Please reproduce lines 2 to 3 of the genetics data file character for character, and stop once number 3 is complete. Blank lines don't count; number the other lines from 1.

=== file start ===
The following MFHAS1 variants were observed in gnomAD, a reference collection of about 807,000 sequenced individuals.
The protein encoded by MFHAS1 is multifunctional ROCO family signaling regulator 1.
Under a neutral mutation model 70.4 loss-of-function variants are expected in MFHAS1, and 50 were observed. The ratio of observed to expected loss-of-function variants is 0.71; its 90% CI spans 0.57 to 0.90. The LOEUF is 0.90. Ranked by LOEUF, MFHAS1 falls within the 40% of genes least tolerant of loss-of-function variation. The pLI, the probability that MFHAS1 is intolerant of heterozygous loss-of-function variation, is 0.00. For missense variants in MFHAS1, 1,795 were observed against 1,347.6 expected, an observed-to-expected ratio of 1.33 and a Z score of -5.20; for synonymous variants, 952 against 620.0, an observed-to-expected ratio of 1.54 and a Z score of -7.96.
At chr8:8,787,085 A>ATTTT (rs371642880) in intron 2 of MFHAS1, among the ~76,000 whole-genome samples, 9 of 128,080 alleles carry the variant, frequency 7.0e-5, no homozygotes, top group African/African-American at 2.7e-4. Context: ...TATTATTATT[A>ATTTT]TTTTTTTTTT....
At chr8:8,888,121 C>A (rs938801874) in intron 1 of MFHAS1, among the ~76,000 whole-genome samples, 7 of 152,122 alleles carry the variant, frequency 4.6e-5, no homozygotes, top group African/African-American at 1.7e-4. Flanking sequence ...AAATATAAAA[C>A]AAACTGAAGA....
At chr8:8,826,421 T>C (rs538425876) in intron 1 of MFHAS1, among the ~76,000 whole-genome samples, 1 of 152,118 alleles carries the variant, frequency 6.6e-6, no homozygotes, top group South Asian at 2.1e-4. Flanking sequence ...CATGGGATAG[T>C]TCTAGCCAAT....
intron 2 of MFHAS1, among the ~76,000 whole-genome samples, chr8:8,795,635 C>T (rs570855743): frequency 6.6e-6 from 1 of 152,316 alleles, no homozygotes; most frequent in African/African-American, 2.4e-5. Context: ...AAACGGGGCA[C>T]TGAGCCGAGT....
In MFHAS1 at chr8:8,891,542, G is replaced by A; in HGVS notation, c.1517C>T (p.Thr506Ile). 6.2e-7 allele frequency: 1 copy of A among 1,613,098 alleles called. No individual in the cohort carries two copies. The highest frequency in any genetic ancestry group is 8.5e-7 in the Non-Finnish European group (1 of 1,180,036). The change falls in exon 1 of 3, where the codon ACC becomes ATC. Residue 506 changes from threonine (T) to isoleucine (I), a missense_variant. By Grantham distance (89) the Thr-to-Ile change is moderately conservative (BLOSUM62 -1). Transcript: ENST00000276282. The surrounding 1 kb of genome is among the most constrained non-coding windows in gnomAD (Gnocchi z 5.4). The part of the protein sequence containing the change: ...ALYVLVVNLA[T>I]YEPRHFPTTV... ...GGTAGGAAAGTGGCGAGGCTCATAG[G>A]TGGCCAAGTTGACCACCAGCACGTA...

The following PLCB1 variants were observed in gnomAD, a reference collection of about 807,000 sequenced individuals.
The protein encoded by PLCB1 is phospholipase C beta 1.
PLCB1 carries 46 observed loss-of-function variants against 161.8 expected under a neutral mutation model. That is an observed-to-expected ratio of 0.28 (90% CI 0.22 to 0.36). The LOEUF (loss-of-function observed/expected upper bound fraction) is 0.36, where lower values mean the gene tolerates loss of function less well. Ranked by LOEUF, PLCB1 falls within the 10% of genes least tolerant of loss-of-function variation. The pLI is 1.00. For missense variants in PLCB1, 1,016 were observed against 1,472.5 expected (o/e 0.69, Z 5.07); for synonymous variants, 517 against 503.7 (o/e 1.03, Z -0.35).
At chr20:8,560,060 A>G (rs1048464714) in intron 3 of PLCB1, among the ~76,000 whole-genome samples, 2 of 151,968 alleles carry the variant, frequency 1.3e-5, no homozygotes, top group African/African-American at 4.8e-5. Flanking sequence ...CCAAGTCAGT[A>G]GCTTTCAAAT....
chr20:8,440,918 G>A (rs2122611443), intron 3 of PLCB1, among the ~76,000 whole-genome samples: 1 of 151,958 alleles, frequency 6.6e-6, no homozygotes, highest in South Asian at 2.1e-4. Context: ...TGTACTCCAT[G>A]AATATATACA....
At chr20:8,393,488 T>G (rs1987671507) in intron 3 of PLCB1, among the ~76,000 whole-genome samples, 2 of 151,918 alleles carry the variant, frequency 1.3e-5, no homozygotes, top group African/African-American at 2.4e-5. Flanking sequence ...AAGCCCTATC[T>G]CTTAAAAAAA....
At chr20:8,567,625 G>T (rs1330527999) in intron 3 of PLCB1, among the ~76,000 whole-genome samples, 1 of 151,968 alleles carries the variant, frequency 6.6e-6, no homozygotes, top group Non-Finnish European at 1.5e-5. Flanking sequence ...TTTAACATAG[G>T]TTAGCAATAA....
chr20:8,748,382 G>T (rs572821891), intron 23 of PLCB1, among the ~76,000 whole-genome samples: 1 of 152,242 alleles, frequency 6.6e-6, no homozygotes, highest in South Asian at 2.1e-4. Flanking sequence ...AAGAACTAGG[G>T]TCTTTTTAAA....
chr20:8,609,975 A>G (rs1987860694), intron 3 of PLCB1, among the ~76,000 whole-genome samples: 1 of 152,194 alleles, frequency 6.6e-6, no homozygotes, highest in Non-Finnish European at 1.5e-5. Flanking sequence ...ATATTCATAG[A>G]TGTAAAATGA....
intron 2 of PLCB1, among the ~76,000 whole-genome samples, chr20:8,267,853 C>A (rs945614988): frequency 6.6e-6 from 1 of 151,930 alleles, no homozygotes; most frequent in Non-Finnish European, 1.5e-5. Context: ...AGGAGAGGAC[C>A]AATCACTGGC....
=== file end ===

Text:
The protein encoded by MFHAS1 is multifunctional ROCO family signaling regulator 1.
Under a neutral mutation model 70.4 loss-of-function variants are expected in MFHAS1, and 50 were observed. The ratio of observed to expected loss-of-function variants is 0.71; its 90% CI spans 0.57 to 0.90. The LOEUF is 0.90. Ranked by LOEUF, MFHAS1 falls within the 40% of genes least tolerant of loss-of-function variation. The pLI, the probability that MFHAS1 is intolerant of heterozygous loss-of-function variation, is 0.00. For missense variants in MFHAS1, 1,795 were observed against 1,347.6 expected, an observed-to-expected ratio of 1.33 and a Z score of -5.20; for synonymous variants, 952 against 620.0, an observed-to-expected ratio of 1.54 and a Z score of -7.96.